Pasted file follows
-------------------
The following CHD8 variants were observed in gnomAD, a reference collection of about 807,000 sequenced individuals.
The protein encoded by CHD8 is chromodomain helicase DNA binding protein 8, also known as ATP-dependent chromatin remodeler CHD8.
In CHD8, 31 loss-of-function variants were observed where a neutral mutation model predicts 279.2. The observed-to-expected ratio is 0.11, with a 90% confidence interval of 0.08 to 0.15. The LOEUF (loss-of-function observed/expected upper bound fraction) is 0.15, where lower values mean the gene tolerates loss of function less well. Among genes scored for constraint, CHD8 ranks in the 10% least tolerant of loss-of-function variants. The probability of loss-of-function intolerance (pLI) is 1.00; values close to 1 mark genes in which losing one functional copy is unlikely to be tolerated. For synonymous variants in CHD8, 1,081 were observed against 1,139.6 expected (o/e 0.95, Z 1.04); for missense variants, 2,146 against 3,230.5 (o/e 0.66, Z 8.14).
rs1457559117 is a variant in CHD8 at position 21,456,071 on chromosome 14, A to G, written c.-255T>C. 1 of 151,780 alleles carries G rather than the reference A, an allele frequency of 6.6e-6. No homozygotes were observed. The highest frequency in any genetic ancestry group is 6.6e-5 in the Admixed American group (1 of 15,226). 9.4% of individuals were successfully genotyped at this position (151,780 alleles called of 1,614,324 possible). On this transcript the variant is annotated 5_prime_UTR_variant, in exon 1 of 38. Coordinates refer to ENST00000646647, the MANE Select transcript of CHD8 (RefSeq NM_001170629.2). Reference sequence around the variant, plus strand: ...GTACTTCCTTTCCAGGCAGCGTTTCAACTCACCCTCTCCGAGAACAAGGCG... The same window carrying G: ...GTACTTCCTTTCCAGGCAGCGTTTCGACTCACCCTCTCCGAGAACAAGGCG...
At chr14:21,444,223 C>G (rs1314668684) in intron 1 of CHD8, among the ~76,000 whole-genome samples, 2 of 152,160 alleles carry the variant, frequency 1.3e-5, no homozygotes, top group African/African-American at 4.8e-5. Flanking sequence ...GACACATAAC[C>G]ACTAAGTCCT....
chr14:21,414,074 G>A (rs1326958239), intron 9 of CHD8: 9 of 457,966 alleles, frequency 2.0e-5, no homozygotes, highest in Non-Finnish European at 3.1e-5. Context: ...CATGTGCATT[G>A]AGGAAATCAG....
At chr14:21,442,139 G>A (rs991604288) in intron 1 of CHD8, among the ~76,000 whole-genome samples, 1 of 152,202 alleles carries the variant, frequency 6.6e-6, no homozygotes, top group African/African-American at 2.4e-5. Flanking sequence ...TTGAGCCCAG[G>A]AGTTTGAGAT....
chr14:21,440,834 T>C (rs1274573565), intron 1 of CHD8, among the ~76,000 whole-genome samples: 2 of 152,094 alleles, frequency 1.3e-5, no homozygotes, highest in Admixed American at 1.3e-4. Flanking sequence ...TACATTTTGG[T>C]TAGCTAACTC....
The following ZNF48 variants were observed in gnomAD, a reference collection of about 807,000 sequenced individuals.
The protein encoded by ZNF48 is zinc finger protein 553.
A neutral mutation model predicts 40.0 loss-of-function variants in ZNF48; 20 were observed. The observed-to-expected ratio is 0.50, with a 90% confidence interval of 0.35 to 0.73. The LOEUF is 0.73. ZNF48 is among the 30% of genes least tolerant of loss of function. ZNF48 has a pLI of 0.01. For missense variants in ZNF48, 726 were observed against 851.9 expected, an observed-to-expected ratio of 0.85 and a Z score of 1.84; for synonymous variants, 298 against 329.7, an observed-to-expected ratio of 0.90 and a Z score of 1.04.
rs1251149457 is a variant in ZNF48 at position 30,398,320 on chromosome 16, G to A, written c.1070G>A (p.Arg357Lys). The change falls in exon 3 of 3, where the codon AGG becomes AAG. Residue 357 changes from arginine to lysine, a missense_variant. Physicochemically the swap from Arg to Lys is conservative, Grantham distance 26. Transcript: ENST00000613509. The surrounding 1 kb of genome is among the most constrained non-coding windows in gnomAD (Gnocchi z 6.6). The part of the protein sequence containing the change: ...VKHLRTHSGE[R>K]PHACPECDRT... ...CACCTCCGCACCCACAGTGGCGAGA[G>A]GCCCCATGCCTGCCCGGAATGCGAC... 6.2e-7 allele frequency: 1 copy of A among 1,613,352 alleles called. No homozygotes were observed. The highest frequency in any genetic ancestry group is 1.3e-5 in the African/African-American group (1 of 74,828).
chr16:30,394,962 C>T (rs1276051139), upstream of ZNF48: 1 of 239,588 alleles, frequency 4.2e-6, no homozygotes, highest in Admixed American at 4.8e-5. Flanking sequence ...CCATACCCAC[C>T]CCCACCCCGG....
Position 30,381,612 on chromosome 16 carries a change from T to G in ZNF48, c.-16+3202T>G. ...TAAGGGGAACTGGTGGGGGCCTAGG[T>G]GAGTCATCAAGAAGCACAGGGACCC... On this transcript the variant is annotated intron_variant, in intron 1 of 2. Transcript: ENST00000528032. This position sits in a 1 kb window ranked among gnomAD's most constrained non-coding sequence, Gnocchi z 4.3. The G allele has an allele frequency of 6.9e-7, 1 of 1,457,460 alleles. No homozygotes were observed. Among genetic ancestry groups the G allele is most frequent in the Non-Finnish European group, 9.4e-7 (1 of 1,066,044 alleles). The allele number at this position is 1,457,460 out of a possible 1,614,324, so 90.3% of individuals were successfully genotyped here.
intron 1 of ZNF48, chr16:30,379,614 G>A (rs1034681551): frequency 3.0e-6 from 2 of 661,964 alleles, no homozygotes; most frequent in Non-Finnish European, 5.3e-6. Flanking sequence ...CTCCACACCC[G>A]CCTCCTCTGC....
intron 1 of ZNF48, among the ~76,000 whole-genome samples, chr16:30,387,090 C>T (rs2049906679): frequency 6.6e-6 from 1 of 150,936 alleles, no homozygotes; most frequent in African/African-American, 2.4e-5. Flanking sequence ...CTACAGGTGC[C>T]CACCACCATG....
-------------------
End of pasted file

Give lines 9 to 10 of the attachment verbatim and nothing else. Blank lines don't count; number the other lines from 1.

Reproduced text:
The following ZNF48 variants were observed in gnomAD, a reference collection of about 807,000 sequenced individuals.
The protein encoded by ZNF48 is zinc finger protein 553.